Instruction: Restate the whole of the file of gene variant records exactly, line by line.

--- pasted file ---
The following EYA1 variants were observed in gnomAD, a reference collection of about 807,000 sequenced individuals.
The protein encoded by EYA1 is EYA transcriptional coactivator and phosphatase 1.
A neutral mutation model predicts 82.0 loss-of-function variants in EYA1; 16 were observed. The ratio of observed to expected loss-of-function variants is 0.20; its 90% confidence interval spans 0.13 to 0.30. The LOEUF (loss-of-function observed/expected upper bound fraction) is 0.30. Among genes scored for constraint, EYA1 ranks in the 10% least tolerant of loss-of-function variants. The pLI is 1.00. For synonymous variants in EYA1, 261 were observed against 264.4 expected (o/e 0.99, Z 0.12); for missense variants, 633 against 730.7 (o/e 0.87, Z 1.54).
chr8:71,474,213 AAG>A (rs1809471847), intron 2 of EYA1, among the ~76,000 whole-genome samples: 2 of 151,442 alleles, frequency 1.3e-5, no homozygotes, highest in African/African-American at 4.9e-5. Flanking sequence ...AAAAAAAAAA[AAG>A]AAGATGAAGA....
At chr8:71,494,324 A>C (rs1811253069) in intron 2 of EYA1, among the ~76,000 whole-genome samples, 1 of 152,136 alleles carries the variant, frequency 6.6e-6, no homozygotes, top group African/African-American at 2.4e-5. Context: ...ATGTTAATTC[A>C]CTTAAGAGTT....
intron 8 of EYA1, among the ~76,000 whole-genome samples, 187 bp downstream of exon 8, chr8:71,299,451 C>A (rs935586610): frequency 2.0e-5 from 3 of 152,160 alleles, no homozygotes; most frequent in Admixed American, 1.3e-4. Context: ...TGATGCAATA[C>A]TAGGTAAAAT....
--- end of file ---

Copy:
The following EYA1 variants were observed in gnomAD, a reference collection of about 807,000 sequenced individuals.
The protein encoded by EYA1 is EYA transcriptional coactivator and phosphatase 1.
A neutral mutation model predicts 82.0 loss-of-function variants in EYA1; 16 were observed. The ratio of observed to expected loss-of-function variants is 0.20; its 90% confidence interval spans 0.13 to 0.30. The LOEUF (loss-of-function observed/expected upper bound fraction) is 0.30. Among genes scored for constraint, EYA1 ranks in the 10% least tolerant of loss-of-function variants. The pLI is 1.00. For synonymous variants in EYA1, 261 were observed against 264.4 expected (o/e 0.99, Z 0.12); for missense variants, 633 against 730.7 (o/e 0.87, Z 1.54).
chr8:71,474,213 AAG>A (rs1809471847), intron 2 of EYA1, among the ~76,000 whole-genome samples: 2 of 151,442 alleles, frequency 1.3e-5, no homozygotes, highest in African/African-American at 4.9e-5. Flanking sequence ...AAAAAAAAAA[AAG>A]AAGATGAAGA....
At chr8:71,494,324 A>C (rs1811253069) in intron 2 of EYA1, among the ~76,000 whole-genome samples, 1 of 152,136 alleles carries the variant, frequency 6.6e-6, no homozygotes, top group African/African-American at 2.4e-5. Context: ...ATGTTAATTC[A>C]CTTAAGAGTT....
intron 8 of EYA1, among the ~76,000 whole-genome samples, 187 bp downstream of exon 8, chr8:71,299,451 C>A (rs935586610): frequency 2.0e-5 from 3 of 152,160 alleles, no homozygotes; most frequent in Admixed American, 1.3e-4. Context: ...TGATGCAATA[C>A]TAGGTAAAAT....